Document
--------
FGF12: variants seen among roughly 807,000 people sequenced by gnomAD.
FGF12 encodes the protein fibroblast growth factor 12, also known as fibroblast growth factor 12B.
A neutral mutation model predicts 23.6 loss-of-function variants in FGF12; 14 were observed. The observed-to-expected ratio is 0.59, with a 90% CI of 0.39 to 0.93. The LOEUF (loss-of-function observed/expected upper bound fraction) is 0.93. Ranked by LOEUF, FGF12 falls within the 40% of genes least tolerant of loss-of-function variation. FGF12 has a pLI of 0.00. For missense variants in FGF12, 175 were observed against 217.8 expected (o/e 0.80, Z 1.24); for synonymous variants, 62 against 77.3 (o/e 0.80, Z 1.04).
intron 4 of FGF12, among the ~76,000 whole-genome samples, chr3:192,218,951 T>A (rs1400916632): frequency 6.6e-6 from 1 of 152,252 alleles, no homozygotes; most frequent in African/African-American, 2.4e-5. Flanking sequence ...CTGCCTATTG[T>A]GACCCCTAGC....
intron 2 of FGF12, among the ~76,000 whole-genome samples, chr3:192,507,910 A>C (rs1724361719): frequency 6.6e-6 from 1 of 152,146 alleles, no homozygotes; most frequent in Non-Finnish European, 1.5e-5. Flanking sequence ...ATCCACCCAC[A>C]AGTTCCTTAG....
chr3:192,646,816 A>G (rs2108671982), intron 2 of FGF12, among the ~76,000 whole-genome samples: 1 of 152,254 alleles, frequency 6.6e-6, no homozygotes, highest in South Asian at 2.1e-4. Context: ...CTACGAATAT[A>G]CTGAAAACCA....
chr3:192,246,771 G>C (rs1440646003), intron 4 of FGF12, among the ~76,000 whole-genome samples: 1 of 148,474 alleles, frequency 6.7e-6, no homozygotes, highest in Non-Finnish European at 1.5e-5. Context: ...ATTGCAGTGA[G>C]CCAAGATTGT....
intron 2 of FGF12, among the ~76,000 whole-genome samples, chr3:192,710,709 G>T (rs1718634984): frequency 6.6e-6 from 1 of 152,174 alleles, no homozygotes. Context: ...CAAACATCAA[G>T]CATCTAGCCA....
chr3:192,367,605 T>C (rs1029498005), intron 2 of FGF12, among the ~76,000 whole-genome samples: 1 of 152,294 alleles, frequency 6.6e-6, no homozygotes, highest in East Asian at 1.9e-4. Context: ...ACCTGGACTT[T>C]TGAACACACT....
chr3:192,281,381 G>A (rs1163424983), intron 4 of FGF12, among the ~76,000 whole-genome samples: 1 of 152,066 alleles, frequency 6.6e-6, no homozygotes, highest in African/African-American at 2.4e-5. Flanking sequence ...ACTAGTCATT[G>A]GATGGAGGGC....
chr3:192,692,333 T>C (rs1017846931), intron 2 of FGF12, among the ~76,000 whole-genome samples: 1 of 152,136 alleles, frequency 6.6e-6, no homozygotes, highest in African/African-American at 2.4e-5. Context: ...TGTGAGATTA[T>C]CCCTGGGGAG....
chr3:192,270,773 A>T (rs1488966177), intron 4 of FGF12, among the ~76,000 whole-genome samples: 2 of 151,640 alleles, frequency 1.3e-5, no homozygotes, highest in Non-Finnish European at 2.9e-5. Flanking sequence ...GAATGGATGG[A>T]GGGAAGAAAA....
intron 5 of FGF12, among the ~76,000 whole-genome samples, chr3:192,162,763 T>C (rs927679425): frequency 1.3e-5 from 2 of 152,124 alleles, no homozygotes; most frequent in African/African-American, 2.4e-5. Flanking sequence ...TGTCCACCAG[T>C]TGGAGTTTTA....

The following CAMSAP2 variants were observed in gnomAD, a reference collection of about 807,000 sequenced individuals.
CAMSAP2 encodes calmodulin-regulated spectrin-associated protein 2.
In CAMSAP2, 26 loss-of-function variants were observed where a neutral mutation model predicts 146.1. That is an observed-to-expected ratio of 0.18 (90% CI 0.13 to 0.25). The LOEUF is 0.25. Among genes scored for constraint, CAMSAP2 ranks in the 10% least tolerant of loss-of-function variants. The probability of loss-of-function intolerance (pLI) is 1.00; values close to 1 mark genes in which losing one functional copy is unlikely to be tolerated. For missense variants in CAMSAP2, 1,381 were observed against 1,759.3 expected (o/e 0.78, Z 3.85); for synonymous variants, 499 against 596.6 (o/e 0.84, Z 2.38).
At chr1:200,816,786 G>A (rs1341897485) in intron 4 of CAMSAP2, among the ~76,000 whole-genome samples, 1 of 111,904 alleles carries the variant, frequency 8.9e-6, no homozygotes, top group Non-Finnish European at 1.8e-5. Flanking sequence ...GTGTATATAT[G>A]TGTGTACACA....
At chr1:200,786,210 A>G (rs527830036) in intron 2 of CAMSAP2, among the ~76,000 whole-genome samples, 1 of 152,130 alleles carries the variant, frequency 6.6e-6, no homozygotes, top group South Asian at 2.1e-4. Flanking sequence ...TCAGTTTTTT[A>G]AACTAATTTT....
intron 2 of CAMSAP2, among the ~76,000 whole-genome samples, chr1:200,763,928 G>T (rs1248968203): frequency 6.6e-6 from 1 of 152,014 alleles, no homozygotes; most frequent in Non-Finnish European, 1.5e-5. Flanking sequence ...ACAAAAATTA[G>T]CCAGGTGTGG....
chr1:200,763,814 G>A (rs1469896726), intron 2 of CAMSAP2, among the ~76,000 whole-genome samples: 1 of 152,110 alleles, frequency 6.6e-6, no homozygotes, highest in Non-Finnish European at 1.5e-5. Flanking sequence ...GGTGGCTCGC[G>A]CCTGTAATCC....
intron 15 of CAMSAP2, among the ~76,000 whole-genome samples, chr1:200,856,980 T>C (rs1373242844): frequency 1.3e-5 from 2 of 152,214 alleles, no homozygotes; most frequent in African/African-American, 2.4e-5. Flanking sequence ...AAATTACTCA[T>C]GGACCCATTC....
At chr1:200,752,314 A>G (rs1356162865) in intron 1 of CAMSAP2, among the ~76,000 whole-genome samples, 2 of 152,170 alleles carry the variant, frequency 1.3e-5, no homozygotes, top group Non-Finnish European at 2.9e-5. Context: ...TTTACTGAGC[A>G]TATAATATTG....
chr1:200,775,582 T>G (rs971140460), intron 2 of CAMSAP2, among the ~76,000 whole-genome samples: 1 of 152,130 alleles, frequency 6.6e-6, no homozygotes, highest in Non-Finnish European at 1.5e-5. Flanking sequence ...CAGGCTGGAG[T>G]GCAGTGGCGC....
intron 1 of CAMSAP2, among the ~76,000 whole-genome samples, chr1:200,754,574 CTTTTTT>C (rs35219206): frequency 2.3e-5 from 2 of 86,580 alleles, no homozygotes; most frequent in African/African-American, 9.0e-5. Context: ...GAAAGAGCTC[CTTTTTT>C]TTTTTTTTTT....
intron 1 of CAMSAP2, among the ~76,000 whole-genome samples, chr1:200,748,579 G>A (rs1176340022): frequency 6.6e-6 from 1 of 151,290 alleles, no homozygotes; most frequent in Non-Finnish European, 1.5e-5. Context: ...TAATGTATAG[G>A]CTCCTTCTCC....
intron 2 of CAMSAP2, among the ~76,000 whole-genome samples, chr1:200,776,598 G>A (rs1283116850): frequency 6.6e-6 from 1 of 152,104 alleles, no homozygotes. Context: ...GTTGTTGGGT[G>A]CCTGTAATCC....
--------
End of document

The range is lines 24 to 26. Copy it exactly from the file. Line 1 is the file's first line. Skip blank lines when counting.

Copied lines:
intron 1 of CAMSAP2, among the ~76,000 whole-genome samples, chr1:200,754,574 CTTTTTT>C (rs35219206): frequency 2.3e-5 from 2 of 86,580 alleles, no homozygotes; most frequent in African/African-American, 9.0e-5. Context: ...GAAAGAGCTC[CTTTTTT>C]TTTTTTTTTT....
intron 1 of CAMSAP2, among the ~76,000 whole-genome samples, chr1:200,748,579 G>A (rs1176340022): frequency 6.6e-6 from 1 of 151,290 alleles, no homozygotes; most frequent in Non-Finnish European, 1.5e-5. Context: ...TAATGTATAG[G>A]CTCCTTCTCC....
intron 2 of CAMSAP2, among the ~76,000 whole-genome samples, chr1:200,776,598 G>A (rs1283116850): frequency 6.6e-6 from 1 of 152,104 alleles, no homozygotes. Context: ...GTTGTTGGGT[G>A]CCTGTAATCC....